James Posey Rumors

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James Posey
James Posey
Position: -
Born: 01/13/77
Height: 6-8 / 2.03
Weight:214 lbs. / 97.5 kg.
Earnings: $57,051,806 ($71,786,484*)
James Posey: The other similarity between those Cavaliers and these Nets is Kyrie Irving. I coached Kyrie for three seasons on the Cavaliers, including when we won the championship in 2015-16. It’ll be interesting to see how Nash and Kyrie work together. Kyrie was still in his early-20s when I coached him in Cleveland, so hopefully he’s matured a bit. I hope he sees the game differently. Back then, he was a young man who didn’t understand the full scope of things. He was more about “me, me, me” than “us, us, us.” For Kyrie, he just needed to mature a bit and understand the bigger picture when it comes to the game of basketball – where it’s all about winning and leading his teammates. Kyrie’s leadership has been questioned, but he has an opportunity to silence those critics by stepping up as a leader in Brooklyn and having a great relationship with Nash.
James Posey: Kyrie is a great kid and he’s worked really hard to be seen as a top player and get that respect from other players. Hopefully, he’s learned some things since I coached him and he’s able to get on the same page as Nash playing-wise and communication-wise. It’s pretty common for players to be focused on showcasing their talent and becoming a star early in their career; then, as they get older, their attention shifts to winning championships and being more team-oriented.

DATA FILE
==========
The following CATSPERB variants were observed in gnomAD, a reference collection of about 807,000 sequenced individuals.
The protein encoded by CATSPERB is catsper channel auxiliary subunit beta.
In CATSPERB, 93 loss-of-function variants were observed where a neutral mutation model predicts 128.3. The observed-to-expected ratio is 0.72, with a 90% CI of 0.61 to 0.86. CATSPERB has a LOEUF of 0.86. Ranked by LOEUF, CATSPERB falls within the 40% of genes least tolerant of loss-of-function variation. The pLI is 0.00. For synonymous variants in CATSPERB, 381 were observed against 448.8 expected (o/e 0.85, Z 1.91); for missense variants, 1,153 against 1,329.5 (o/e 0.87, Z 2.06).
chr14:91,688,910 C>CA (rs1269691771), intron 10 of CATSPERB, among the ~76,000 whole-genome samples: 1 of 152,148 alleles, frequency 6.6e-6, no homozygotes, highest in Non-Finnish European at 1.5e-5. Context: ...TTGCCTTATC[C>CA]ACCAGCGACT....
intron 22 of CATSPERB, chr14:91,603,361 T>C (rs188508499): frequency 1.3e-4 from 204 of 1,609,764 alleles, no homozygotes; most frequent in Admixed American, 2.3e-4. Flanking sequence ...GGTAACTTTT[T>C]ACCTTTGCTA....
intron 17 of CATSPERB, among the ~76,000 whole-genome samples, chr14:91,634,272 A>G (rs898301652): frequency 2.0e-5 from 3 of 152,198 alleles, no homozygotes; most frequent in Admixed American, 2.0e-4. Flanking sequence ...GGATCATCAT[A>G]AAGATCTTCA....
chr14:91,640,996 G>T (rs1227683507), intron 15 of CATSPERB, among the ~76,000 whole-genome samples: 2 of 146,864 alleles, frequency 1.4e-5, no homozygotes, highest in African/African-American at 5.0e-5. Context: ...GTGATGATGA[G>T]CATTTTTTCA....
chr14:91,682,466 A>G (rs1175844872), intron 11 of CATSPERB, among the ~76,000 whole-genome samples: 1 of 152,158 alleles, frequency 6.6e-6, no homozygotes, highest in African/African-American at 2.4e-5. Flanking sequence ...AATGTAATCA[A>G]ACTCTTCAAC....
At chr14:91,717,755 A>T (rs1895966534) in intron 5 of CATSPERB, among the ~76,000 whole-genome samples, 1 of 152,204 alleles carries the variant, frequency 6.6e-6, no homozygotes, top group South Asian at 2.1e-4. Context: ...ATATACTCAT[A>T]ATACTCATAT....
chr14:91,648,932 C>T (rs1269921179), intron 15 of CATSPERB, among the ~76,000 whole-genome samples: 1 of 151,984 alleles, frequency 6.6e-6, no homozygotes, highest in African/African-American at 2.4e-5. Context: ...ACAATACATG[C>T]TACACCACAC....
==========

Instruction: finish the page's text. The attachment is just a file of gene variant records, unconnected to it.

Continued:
James Posey: In my first year as a coach, aside from the amount of work, one other thing that really surprised me was just hearing how the coaches talk about the players. It made me wonder, “Man, what did my coaches say about me back in the day?!” I think Nash could be a very good coach and there’s no question that this is a great situation for him. He may be able to hit the ground running, like Steve Kerr did with the Warriors. He’ll just have a lot of work to do and the first year may be tougher than he expects.
James Posey: Kyrie was still in his early-20s when I coached him in Cleveland, so hopefully he’s matured a bit. I hope he sees the game differently. Back then, he was a young man who didn’t understand the full scope of things. He was more about “me, me, me” than “us, us, us.” For Kyrie, he just needed to mature a bit and understand the bigger picture when it comes to the game of basketball – where it’s all about winning and leading his teammates. Kyrie’s leadership has been questioned, but he has an opportunity to silence those critics by stepping up as a leader in Brooklyn and having a great relationship with Nash.